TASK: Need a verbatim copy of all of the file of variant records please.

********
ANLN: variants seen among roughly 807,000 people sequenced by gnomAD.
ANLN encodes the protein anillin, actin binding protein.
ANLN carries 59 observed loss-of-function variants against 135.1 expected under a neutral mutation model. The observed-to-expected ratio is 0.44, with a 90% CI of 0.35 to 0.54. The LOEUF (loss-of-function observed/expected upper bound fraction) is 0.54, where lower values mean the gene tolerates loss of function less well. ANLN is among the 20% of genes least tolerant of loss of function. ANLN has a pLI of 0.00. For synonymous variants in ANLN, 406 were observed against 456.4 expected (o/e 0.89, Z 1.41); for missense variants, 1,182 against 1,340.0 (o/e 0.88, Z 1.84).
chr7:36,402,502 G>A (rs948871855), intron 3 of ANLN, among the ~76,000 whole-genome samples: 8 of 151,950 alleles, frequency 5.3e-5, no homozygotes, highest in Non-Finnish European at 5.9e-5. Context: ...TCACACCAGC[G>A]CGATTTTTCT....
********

ANLN: variants seen among roughly 807,000 people sequenced by gnomAD.
ANLN encodes the protein anillin, actin binding protein.
ANLN carries 59 observed loss-of-function variants against 135.1 expected under a neutral mutation model. The observed-to-expected ratio is 0.44, with a 90% CI of 0.35 to 0.54. The LOEUF (loss-of-function observed/expected upper bound fraction) is 0.54, where lower values mean the gene tolerates loss of function less well. ANLN is among the 20% of genes least tolerant of loss of function. ANLN has a pLI of 0.00. For synonymous variants in ANLN, 406 were observed against 456.4 expected (o/e 0.89, Z 1.41); for missense variants, 1,182 against 1,340.0 (o/e 0.88, Z 1.84).
chr7:36,402,502 G>A (rs948871855), intron 3 of ANLN, among the ~76,000 whole-genome samples: 8 of 151,950 alleles, frequency 5.3e-5, no homozygotes, highest in Non-Finnish European at 5.9e-5. Context: ...TCACACCAGC[G>A]CGATTTTTCT....